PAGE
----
More people more activeWalk England – promoting walking online• Over one million people have used the site since 2009• Over 150,000 miles have been walked by users so far, and 35,000walks have been added• 334 walking groups have been set up across England• The Walk4Life app has been downloaded 5,000 times since March 2012Case study: Walk4life.info has enabled Sunderland City Council to grow thebenefits of their walking programmes and get Sunderland moving.Laura Bartlett is the council’s Physical Activity Development Officer and hasbeen using the website as a tool to promote and analyse walking levels inthe Sunderland area. She says, “The website is really easy for people touse, track their walking and log their progress.“Our volunteer walk leaders have been encouraged to log their Walk4Lifemiles and preferred routes, so that others in the area can use them.“Walk England have been able to give us information about how manypeople are using the local routes too.”Sunderland City Council plans to continue use of the website as part of anew walking programme. Laura says, “We hope to use the website to helpplan our 2012 challenge events. People will be able to use the website totake part.”Walk4life.info has reached overone million people05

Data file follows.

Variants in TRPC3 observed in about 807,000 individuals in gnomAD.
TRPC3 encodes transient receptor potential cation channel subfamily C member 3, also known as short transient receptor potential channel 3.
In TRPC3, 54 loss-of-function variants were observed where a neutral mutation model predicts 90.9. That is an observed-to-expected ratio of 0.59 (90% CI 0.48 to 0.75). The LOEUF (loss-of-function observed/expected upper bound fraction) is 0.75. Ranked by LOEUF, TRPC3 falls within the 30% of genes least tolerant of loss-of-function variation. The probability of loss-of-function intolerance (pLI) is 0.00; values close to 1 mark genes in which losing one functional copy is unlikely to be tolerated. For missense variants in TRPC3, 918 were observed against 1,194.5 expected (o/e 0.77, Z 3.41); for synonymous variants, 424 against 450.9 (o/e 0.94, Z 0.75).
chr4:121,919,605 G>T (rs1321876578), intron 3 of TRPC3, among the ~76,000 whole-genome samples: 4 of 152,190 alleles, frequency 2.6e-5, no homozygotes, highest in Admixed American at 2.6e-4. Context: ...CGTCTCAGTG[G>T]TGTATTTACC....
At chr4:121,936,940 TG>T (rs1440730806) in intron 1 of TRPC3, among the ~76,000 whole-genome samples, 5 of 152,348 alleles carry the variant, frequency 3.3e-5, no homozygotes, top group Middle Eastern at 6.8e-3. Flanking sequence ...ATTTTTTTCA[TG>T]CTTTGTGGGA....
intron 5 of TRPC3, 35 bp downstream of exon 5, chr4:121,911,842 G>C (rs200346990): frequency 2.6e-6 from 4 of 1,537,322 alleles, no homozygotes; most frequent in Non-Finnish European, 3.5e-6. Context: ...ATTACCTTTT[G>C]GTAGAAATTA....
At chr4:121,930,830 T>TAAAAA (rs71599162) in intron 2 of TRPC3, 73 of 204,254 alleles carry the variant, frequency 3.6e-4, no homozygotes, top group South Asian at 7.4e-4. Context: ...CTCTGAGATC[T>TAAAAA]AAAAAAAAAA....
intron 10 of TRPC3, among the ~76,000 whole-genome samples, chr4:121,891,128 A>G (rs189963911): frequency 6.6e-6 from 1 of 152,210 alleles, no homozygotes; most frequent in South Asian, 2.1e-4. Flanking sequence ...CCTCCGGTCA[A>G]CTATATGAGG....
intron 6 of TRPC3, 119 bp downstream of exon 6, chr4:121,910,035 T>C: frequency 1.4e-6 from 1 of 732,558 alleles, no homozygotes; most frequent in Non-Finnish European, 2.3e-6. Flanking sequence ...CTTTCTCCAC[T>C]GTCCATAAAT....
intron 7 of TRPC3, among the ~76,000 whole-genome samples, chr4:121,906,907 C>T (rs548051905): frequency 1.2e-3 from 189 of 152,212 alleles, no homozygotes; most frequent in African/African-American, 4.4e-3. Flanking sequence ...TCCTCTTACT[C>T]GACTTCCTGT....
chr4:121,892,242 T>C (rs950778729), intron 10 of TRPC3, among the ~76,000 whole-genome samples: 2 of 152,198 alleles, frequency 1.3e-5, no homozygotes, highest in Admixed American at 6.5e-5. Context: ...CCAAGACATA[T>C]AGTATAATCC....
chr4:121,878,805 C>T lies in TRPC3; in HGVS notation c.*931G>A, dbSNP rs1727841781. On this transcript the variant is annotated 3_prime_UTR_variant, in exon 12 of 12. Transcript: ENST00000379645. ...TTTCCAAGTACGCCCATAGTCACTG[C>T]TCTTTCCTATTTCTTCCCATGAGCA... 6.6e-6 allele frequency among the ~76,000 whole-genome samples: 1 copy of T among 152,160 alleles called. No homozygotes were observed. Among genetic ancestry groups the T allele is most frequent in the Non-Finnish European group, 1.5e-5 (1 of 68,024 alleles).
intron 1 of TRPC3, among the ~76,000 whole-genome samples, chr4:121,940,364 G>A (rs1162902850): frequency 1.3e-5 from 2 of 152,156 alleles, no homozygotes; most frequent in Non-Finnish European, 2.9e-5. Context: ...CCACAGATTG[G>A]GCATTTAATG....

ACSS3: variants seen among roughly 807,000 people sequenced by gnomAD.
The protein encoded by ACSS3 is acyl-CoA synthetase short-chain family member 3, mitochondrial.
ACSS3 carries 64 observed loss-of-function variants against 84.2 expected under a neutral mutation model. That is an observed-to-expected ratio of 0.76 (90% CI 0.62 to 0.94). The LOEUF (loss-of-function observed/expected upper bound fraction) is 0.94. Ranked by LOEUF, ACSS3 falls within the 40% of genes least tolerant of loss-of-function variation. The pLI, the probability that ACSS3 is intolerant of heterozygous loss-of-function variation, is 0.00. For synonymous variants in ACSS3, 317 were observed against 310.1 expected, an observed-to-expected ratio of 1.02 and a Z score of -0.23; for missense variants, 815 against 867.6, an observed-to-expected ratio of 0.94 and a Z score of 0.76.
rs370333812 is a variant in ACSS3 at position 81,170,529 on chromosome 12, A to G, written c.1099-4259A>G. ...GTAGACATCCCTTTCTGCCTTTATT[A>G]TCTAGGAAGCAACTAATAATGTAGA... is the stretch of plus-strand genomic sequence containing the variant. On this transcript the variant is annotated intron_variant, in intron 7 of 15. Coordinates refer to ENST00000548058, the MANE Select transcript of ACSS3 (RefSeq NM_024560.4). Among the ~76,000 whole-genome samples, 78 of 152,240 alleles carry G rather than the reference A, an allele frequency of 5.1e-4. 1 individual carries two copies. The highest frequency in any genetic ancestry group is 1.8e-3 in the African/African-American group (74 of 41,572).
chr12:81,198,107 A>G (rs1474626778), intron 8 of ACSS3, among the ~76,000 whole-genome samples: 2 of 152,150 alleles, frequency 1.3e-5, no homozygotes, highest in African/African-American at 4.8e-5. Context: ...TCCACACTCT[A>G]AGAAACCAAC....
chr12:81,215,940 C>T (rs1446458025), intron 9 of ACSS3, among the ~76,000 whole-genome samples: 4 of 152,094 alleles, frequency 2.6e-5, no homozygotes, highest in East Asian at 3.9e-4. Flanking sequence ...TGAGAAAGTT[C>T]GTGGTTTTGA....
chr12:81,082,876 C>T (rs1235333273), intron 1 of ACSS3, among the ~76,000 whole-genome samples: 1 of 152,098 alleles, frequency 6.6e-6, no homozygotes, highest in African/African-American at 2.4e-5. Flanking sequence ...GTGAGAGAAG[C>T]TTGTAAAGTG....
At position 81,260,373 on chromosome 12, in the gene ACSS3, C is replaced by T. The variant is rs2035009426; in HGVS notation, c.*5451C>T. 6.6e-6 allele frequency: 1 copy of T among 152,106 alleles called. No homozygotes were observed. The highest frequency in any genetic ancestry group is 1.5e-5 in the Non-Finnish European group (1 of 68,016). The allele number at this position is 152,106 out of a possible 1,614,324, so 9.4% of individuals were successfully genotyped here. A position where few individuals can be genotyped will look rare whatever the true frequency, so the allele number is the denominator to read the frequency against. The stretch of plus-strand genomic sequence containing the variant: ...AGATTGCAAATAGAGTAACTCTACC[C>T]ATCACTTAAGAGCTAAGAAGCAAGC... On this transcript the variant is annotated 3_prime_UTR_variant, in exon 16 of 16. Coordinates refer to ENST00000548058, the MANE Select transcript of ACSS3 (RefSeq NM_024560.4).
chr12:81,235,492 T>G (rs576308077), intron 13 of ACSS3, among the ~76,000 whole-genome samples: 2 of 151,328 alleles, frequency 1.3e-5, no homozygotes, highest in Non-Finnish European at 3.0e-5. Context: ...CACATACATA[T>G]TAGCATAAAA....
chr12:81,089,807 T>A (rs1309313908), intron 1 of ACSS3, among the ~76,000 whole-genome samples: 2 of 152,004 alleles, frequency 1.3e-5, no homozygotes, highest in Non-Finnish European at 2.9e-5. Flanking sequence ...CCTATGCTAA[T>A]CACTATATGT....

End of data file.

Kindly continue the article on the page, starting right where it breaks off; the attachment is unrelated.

More people more activeImproving mental healthTravel Actively has worked with 485,000 people who have commonmental health conditions. Over 98,000 have become morephysically active.Projects tackled issues of social isolation and loneliness, encouraged learning and enabled people to make activetravel choices and reach healthy levels of physical activity. All of these positive factors have improved the mentalhealth and well-being of thousands of people.Ramblers – making walking a part ofeveryday lifeThis work has been recognised by the World Health Organisation andNHS Scotland as a leading example of physical activity promotion.Case study: Chris attends a mental health rehab centre and joined a GetWalking Keep Walking programme following a talk at the centre.Estimated number of peoplewith common mental healthconditions that TravelActively has helped towalk and cycle moreBefore taking part in the programme, Chris did no regular exercise and wouldoften miss appointments at the rehab centre.He went on to complete the 12 week programme and now enjoys goingto the centre more regularly, which he puts down to the “lift” he gets fromwalking. He is keen to lead a regular walking group himself so that the centrecan keep the activity going.“This is the first time that I have volunteered for anything. The whole thinghas had a really big impact on me, it’s built my confidence and I feel betterphysically. I’m also feeling a bit more relaxed and am sleeping better.”88% of people said their mental healthimproved after taking partCTC – Community Cycle Champions13 Community Cycling Champions schemes were delivered by CTCacross England. Several of these worked alongside health organisations tosuccessfully engage people with mental health problems.Case study: The CTC worked in Sheffield, supported by OccupationalTherapists, with patients attending a local NHS hospital.One of the group’s members, ‘L’, has complex mental health problems andwas referred to the project last year. She has benefited enormously and hasnever missed a session since starting the programme.“Although some people may say cycling round the park is hardly somethingto get excited about, for me it has truly opened a window of my life. Theenjoyment of cycling in the park is made complete with the companionship ofothers who are also helped by these bike rides.”“Truly I am grateful to those who provide this service… Thank you for thiswonderful opportunity.”06